What it is designed to do is be very small; folding into its own pocket and compressing down to the size of a hamburger – and very, very light at 180g, about the same as two energy bars.

To shed weight, OR has offloaded some of the creature comforts you’d expect in a conventional shell jacket: there are no hand-pockets, pit-zips or cuff-adjustments and the fabric is gossamer thin (but rip-stop reinforced). However, OR has kept the stuff that matters: a Pertex Shield waterproof and breathable membrane, seam taping, water-resistant zippers. Plus OR clearly hasn’t skimped on build-quality – the Helium II comes with a lifetime guarantee.

I would have liked to see a roll down hood – an extra five grams of Velcro would open up a whole raft of high velocity uses, and a bit of extra reflective detailing would be good. But those are pretty minor gripes.

If you’re planning on doing some trail running this summer, or simply love the feeling of a light pack – or if you just don’t like the sound of the headline ‘Ill-prepared, hypothermic tramper rescued’, then you really should check out the Hellium II.

– Mark Banham

 

Kathmandu Jardin $749.98

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Kathmandu is continuing to surprise with new products in its line. The Jardin is a good example of the improvements in tailoring coming from this company.

Kathmandu describes the jacket as designed for hiking and extreme wet weather conditions. To me this description has come to mean strong but light – just not light (it weight 660g) in the way some jackets make you feel like you are only wearing a shopping bag. It arrived as I was leaving for the Peak to Peak multisport event. It’s a slim line tramping jacket and was a bit too much to wear throughout that event so it had to wait for a bike ride into Macetown the following day to make its debut. The jacket was comfortable to wear and moved well with my body. In spite of a fairly solid workout in the icy Central Otago conditions I didn’t build up any sweat.

The Gore-Tex Performance shell fabric is supported with fully waterproof zips including pitzips.

The tailoring includes articulated sleeves, internal waist tensioning and a scalloped tail to give a dry surface to sit on. The hood is big enough to accommodate a helmet and has a stiff peak that enhances visibility and a draw cord behind your head for tensioning back if side visibility is an issue.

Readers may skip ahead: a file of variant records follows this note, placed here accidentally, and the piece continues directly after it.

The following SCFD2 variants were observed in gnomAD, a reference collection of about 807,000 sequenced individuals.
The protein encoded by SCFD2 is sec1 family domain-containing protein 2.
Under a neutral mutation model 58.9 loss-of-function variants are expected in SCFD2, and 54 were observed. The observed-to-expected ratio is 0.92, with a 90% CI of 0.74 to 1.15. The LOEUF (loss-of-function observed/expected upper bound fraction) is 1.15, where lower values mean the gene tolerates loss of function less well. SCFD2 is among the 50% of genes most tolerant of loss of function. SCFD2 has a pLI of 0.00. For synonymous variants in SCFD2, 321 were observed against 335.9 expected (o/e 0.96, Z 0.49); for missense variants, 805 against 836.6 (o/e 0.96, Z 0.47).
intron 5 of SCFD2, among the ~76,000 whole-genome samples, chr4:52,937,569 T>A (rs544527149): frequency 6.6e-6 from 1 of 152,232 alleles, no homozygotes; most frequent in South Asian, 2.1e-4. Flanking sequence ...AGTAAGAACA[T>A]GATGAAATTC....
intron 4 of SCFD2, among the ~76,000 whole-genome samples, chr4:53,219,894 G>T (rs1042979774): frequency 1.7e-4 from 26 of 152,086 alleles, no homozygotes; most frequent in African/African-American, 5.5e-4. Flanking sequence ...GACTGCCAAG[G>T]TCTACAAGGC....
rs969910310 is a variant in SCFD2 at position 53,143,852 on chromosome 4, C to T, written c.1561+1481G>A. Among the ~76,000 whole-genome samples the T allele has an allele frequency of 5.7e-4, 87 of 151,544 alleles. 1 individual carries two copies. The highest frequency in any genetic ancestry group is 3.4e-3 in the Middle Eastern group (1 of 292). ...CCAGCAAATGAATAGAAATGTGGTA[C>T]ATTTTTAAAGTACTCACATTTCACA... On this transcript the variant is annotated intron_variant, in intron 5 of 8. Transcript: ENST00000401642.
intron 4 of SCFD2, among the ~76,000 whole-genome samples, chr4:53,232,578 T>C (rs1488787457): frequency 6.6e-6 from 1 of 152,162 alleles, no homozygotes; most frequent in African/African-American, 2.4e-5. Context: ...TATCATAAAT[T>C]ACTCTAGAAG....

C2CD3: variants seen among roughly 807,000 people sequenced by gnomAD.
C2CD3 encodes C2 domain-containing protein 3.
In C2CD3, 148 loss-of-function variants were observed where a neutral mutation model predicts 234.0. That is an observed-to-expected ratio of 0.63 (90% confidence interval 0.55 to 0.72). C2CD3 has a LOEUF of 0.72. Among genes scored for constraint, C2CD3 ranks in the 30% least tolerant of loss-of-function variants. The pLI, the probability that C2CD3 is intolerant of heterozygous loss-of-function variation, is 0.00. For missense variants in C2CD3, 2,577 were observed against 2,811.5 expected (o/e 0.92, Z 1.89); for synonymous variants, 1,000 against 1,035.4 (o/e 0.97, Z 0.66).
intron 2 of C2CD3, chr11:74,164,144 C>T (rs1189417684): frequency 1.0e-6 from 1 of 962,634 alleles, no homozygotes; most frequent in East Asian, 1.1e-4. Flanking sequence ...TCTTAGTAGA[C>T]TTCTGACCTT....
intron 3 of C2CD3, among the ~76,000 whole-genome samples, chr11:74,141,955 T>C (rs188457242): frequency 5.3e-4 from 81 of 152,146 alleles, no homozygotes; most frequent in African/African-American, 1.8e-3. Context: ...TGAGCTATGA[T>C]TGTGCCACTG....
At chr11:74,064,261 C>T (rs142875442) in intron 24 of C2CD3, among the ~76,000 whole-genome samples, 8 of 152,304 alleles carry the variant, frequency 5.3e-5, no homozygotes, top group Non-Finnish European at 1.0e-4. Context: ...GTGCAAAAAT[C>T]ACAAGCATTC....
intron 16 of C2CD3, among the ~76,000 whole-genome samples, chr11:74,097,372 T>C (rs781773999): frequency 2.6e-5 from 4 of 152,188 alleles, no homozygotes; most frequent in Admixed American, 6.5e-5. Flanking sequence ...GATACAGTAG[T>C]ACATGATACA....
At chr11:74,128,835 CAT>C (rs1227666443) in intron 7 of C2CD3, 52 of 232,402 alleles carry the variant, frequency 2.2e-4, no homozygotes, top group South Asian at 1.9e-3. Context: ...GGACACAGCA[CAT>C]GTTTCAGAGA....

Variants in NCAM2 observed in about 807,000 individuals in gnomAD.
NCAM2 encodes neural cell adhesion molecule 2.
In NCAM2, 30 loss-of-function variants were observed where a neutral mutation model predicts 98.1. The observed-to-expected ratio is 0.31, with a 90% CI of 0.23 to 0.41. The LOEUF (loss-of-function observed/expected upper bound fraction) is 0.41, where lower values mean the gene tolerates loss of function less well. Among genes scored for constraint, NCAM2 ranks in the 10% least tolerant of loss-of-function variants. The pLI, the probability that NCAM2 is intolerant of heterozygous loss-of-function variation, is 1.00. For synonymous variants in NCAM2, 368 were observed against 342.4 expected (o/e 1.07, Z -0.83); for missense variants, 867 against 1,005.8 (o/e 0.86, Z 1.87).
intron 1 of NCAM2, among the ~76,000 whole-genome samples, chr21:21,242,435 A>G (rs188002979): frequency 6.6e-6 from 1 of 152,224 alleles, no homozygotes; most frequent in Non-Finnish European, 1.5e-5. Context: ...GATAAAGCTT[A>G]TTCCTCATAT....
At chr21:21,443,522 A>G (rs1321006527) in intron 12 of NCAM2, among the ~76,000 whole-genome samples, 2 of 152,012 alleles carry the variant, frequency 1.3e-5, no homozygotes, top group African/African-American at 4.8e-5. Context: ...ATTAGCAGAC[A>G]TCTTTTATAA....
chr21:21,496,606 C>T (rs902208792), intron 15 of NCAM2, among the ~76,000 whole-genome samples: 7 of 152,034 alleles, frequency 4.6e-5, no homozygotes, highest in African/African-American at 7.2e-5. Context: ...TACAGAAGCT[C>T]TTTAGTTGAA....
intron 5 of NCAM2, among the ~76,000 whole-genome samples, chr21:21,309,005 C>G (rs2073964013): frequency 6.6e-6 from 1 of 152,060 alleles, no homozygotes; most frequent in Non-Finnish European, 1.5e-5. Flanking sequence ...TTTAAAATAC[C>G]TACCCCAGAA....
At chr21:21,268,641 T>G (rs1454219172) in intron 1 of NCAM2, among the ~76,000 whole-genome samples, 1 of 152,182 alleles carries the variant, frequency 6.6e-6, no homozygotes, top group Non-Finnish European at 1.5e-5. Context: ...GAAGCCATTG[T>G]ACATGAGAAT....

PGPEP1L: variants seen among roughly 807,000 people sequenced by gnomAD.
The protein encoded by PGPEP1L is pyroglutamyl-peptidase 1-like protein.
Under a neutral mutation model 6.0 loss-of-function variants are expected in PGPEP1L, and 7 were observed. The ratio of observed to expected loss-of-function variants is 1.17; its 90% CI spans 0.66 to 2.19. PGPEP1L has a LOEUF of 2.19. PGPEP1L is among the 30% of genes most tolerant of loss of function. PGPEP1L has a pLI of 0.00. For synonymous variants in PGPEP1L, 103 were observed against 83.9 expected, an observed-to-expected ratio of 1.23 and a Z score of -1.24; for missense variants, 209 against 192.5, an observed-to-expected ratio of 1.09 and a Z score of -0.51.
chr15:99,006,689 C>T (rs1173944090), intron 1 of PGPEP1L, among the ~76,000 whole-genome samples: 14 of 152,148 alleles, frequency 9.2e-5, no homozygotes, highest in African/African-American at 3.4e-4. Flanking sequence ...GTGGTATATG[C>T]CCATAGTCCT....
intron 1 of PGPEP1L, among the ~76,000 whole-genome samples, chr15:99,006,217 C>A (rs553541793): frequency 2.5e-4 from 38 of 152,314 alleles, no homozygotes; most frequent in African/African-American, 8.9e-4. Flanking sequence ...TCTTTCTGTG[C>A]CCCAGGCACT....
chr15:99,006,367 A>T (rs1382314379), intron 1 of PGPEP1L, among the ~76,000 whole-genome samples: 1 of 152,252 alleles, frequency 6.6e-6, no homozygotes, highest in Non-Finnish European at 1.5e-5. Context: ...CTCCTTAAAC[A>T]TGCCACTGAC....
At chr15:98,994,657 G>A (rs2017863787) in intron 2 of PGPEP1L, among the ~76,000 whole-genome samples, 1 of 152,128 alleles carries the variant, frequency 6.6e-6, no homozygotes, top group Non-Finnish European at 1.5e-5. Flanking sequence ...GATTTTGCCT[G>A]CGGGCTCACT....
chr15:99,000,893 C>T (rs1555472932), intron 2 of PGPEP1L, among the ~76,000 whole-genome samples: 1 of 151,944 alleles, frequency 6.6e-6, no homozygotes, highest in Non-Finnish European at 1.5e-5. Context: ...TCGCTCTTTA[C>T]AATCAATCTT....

Tough fabric panels on high wear areas on the outside of the arms, across the shoulders and around the bottom promise to make this a long lasting jacket.

One gripe is the price. At almost $750 I think is a bit on the high side. However, it’s well designed and constructed and should survive many backcountry trips.

– Beth Masser

Rab Bergen $569.95

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With no shortage of rain recently I’ve had the ideal conditions to test Rab’s Bergen jacket.

I’ve worn the jacket on three occasions in thick damp bush in the Waitakere Ranges. Before I even got into the bush, the first thing I noticed is the jacket comes down to only just below my hips rather than half way down my thighs like my personal shell. While this makes it reasonable light (535g), it also offers less protection and with a heavy pack means it tends to ride up so that my lightweight down jacket poked out the bottom.

However, Bergen’s tapered shape makes for a snug fit while still providing enough room for my down jacket.

The jacket’s torso is made from three-layer eVent Storm fabric with a heavyweight version of the same in the arms and shoulders. It has a nifty protective hood with volume adjustment cords, a wired peak that protects the face in rain and a convenient roll down tab to stow it away.

An earlier version of the Bergen received a number of critical reviews due to some people experiencing a degree of leakage.

Since then, Rab has made adjustments to the Bergen’s design and I experienced no sign of leakage while walking in the rain.

In saying that, I did notice my mobile phone got wet in one of the front chest pockets, which have vertical water-resistant zips.

During harder activity I found the jacket to breathe well, thus avoiding too much condensation forming on the inside.

Overall this is a great year-round tramping jacket that will keep the rain out. However, for longer trips, especially below the bush line in New Zealand, I would prefer a jacket with a longer cut for added protection.

Josh Gale